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Commissural Pathways 

Commissural Pathways
Commissural Pathways

Marco Catani

and Michel Thiebaut de Schotten

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date: 22 October 2019

Commissural pathways are composed of fibres connecting broadly similar regions in the two cerebral hemispheres. In the human brain they consist of the anterior commissure, corpus callosum, and the hippocampal commissure of the fornix. These three commissures can be easily visualized with current tractography methods (Figure 9.1; for the hippocampal commissure see Figure 11.2 in Chapter 11).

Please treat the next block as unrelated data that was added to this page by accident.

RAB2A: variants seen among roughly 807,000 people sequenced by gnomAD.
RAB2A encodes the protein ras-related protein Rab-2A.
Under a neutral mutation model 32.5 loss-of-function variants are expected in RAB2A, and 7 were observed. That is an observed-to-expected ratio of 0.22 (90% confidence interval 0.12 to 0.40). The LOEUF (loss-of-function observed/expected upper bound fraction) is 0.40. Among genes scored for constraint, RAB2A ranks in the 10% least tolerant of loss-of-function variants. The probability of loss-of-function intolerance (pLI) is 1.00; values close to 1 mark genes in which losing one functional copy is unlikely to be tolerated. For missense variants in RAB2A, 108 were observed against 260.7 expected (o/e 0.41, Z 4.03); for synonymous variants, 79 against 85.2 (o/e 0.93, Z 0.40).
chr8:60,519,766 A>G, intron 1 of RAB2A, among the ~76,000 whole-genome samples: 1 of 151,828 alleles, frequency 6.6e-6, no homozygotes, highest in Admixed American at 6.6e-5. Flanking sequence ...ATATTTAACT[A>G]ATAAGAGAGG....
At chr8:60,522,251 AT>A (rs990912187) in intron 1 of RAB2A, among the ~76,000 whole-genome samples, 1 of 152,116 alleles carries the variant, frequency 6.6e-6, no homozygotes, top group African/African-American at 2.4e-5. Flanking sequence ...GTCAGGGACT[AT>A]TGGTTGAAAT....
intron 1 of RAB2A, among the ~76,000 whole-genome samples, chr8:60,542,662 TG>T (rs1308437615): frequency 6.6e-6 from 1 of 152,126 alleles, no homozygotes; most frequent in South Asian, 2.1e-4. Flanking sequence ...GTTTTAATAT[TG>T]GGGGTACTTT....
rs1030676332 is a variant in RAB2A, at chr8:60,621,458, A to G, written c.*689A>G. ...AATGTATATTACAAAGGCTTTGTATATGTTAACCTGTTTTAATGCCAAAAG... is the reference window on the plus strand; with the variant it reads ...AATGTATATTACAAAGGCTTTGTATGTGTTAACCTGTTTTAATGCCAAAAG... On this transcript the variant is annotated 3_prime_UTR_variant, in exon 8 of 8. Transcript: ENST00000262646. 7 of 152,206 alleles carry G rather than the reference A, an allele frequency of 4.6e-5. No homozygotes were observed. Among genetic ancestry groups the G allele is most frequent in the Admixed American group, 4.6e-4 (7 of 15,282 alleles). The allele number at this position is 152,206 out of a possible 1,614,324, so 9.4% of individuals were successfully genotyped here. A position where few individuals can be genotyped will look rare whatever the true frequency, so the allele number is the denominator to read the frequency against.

Other small commissures are composed of short fibres connecting adjacent paramedian structures of the thalamus (massa intermedia), the tegmentum (tectal commissure of Forel), the habenula (habenular commissure), and the brainstem (reticular commissure). A general assumption underlying the concept of commissural connections is that the information is transferred between homologous cortical or subcortical regions. There are, however, a significant number of heterotopic commissural fibres connecting non-homologous regions, at least in the corpus callosum (Clarke, 2003). Furthermore, the communication between the two sides can also occur through non-commissural tracts, such as the superior cerebellar peduncle fibres that connect the deep cerebellar nuclei of one side with the thalamic nuclei of the contralateral side. The commissural pathways play a significant role in the development of interhemispheric specialization and integration of several motor, perceptual, and cognitive functions (Gazzaniga, 2000). The anterior commissure and corpus callosum will be described in this chapter, while the hippocampal is dealt separately in Chapter 11.

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